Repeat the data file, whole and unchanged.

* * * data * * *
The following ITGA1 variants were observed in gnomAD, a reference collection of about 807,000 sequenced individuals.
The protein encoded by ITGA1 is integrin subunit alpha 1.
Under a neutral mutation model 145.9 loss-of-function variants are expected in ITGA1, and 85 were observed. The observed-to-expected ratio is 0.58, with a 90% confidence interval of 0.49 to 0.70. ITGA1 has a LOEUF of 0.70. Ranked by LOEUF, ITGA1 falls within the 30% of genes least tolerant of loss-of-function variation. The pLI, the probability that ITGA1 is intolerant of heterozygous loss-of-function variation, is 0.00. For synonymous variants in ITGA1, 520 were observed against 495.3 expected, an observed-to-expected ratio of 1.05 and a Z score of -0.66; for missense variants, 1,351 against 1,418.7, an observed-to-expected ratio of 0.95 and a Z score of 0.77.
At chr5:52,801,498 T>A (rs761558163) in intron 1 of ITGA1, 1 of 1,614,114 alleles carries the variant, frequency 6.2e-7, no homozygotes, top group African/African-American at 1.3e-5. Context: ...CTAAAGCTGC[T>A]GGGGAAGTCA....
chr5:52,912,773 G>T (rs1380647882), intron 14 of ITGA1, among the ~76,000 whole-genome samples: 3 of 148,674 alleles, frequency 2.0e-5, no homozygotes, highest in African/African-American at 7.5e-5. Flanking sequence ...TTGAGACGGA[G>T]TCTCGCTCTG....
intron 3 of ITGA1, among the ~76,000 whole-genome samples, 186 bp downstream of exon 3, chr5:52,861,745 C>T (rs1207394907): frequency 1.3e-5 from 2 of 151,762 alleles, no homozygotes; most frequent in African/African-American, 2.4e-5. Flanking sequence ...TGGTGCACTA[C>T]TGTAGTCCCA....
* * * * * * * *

The following ITGA1 variants were observed in gnomAD, a reference collection of about 807,000 sequenced individuals.
The protein encoded by ITGA1 is integrin subunit alpha 1.
Under a neutral mutation model 145.9 loss-of-function variants are expected in ITGA1, and 85 were observed. The observed-to-expected ratio is 0.58, with a 90% confidence interval of 0.49 to 0.70. ITGA1 has a LOEUF of 0.70. Ranked by LOEUF, ITGA1 falls within the 30% of genes least tolerant of loss-of-function variation. The pLI, the probability that ITGA1 is intolerant of heterozygous loss-of-function variation, is 0.00. For synonymous variants in ITGA1, 520 were observed against 495.3 expected, an observed-to-expected ratio of 1.05 and a Z score of -0.66; for missense variants, 1,351 against 1,418.7, an observed-to-expected ratio of 0.95 and a Z score of 0.77.
At chr5:52,801,498 T>A (rs761558163) in intron 1 of ITGA1, 1 of 1,614,114 alleles carries the variant, frequency 6.2e-7, no homozygotes, top group African/African-American at 1.3e-5. Context: ...CTAAAGCTGC[T>A]GGGGAAGTCA....
chr5:52,912,773 G>T (rs1380647882), intron 14 of ITGA1, among the ~76,000 whole-genome samples: 3 of 148,674 alleles, frequency 2.0e-5, no homozygotes, highest in African/African-American at 7.5e-5. Flanking sequence ...TTGAGACGGA[G>T]TCTCGCTCTG....
intron 3 of ITGA1, among the ~76,000 whole-genome samples, 186 bp downstream of exon 3, chr5:52,861,745 C>T (rs1207394907): frequency 1.3e-5 from 2 of 151,762 alleles, no homozygotes; most frequent in African/African-American, 2.4e-5. Flanking sequence ...TGGTGCACTA[C>T]TGTAGTCCCA....